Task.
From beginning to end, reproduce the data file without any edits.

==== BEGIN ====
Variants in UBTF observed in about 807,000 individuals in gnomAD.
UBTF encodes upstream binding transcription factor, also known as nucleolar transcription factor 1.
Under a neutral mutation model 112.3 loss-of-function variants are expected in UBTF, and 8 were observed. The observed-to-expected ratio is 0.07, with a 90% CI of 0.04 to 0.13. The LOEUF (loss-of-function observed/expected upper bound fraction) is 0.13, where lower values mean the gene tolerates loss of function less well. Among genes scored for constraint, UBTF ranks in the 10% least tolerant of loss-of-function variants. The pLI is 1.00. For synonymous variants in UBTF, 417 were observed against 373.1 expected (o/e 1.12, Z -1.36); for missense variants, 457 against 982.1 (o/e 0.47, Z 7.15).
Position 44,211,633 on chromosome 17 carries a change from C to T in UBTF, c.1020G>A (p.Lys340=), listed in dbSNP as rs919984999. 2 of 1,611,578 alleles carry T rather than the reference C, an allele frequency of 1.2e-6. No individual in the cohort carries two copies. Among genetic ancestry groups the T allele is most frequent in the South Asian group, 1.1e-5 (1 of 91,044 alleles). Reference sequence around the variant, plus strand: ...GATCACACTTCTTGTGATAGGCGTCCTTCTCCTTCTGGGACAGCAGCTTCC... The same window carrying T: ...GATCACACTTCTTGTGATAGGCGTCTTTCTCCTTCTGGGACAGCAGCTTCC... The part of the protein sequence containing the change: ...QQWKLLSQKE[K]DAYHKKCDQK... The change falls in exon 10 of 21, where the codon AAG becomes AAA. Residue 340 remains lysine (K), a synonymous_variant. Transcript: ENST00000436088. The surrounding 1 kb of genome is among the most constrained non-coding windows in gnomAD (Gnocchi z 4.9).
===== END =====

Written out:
Variants in UBTF observed in about 807,000 individuals in gnomAD.
UBTF encodes upstream binding transcription factor, also known as nucleolar transcription factor 1.
Under a neutral mutation model 112.3 loss-of-function variants are expected in UBTF, and 8 were observed. The observed-to-expected ratio is 0.07, with a 90% CI of 0.04 to 0.13. The LOEUF (loss-of-function observed/expected upper bound fraction) is 0.13, where lower values mean the gene tolerates loss of function less well. Among genes scored for constraint, UBTF ranks in the 10% least tolerant of loss-of-function variants. The pLI is 1.00. For synonymous variants in UBTF, 417 were observed against 373.1 expected (o/e 1.12, Z -1.36); for missense variants, 457 against 982.1 (o/e 0.47, Z 7.15).
Position 44,211,633 on chromosome 17 carries a change from C to T in UBTF, c.1020G>A (p.Lys340=), listed in dbSNP as rs919984999. 2 of 1,611,578 alleles carry T rather than the reference C, an allele frequency of 1.2e-6. No individual in the cohort carries two copies. Among genetic ancestry groups the T allele is most frequent in the South Asian group, 1.1e-5 (1 of 91,044 alleles). Reference sequence around the variant, plus strand: ...GATCACACTTCTTGTGATAGGCGTCCTTCTCCTTCTGGGACAGCAGCTTCC... The same window carrying T: ...GATCACACTTCTTGTGATAGGCGTCTTTCTCCTTCTGGGACAGCAGCTTCC... The part of the protein sequence containing the change: ...QQWKLLSQKE[K]DAYHKKCDQK... The change falls in exon 10 of 21, where the codon AAG becomes AAA. Residue 340 remains lysine (K), a synonymous_variant. Transcript: ENST00000436088. The surrounding 1 kb of genome is among the most constrained non-coding windows in gnomAD (Gnocchi z 4.9).